OUCH – Fibro Hurts!

Yesterday covered the basics of Fibromyalgia and how we can all help researchers to learn more about ways to help us.  Today’s article will cover the symptoms of Fibromyalgia.  There are many.  Each person seems to have a new symptom.  While it is important to have any “new” symptoms discussed with a physician just to be sure – most of the time it is easy for us to just mark up something new to the fibro.  That can be dangerous.  So, while the symptoms do vary sometimes from person to person it’s important to be sure to stay in close contact with your physician.

Now a list of various symptoms.  Are you ready?  Are you sure?  This can be overwhelming.  If you suffer with Fibro and have a symptom that is not listed here please leave me a comment to let me know what it is.  Chances are you aren’t the only one that suffers with it.

In researching the symptoms I came across a comprehensive list from the Mayo Clinic website.  So I decided to just share their list and of course give them the credit for it.  As usual I will add in my two cents because…well, that’s just me….I always have two cents and sometimes more to share.

Symptoms

By Mayo Clinic staff

Signs and symptoms of fibromyalgia can vary, depending on the weather, stress, physical activity or even the time of day.

Widespread pain and tender points
The pain associated with fibromyalgia is described as a constant dull ache, typically arising from muscles. To be considered widespread, the pain must occur on both sides of your body and above and below your waist.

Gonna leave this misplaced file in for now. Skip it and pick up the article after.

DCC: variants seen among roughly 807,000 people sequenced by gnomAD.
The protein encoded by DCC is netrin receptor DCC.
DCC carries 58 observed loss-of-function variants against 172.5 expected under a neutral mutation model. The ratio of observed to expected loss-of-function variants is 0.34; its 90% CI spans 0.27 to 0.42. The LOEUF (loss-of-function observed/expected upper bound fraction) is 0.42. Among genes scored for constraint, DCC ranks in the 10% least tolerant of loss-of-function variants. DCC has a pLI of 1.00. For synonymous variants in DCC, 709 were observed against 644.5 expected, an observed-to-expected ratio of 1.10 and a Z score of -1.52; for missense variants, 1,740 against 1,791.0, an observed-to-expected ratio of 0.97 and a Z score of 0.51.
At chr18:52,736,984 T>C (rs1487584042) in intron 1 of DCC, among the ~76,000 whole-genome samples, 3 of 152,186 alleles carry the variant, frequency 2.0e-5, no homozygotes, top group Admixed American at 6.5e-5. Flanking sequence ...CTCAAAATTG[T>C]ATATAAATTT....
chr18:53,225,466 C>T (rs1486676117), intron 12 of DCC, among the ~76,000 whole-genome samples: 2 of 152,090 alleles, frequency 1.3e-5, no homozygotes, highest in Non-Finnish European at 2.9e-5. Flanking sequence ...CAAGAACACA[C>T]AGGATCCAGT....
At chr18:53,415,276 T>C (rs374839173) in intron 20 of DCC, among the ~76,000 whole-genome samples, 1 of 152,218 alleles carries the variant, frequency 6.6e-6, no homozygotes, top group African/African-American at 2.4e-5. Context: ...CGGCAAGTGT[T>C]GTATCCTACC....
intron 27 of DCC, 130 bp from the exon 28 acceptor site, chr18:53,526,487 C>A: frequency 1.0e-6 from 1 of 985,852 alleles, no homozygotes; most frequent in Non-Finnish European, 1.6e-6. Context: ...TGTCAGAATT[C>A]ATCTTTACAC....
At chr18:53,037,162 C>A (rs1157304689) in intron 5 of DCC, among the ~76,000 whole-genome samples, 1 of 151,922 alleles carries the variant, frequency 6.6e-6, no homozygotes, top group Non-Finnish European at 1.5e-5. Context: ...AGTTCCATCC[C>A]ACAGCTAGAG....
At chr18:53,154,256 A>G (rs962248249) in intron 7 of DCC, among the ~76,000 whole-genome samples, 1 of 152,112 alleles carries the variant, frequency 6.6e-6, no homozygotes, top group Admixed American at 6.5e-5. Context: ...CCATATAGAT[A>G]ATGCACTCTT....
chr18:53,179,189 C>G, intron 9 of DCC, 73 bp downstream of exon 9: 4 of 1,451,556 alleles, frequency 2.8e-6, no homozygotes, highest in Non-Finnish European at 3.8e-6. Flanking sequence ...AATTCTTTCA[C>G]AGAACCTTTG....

Fibromyalgia is characterized by additional pain when firm pressure is applied to specific areas of your body, called tender points. Tender point locations include:

  • Back of the head
  • Between shoulder blades
  • Top of shoulders
  • Front sides of neck
  • Upper chest
  • Outer elbows
  • Upper hips
  • Sides of hips
  • Inner knees

Fatigue and sleep disturbances
People with fibromyalgia often awaken tired, even though they seem to get plenty of sleep. Experts believe that these people rarely reach the deep restorative stage of sleep. Sleep disorders that have been linked to fibromyalgia include restless legs syndrome and sleep apnea.

Co-existing conditions
Many people who have fibromyalgia also may have:

  • Chronic fatigue syndrome
  • Depression
  • Endometriosis
  • Headaches
  • Irritable bowel syndrome (IBS)
  • Lupus
  • Osteoarthritis
  • Post-traumatic stress disorder
  • Restless legs syndrome
  • Rheumatoid arthritis

And from the Chronic Fatigue website:

Common symptoms of fibromyalgia:

See how complete that was.  There are few things I would add to complete the process.  Keep in mind the best way to describe the pain that is associated with fibro is that it feels like the aches you get when you have the flu.  You really just hurt all over.  Another way I describe it is like you’ve been hit by a semi and run over repeatedly.  I think you get the idea.

The links I listed will lead you to wonderful websites full of information.

Tomorrow’s article will be on who gets Fibro and how do they get it?  Are you at risk?  Look in your past and you just might find out.

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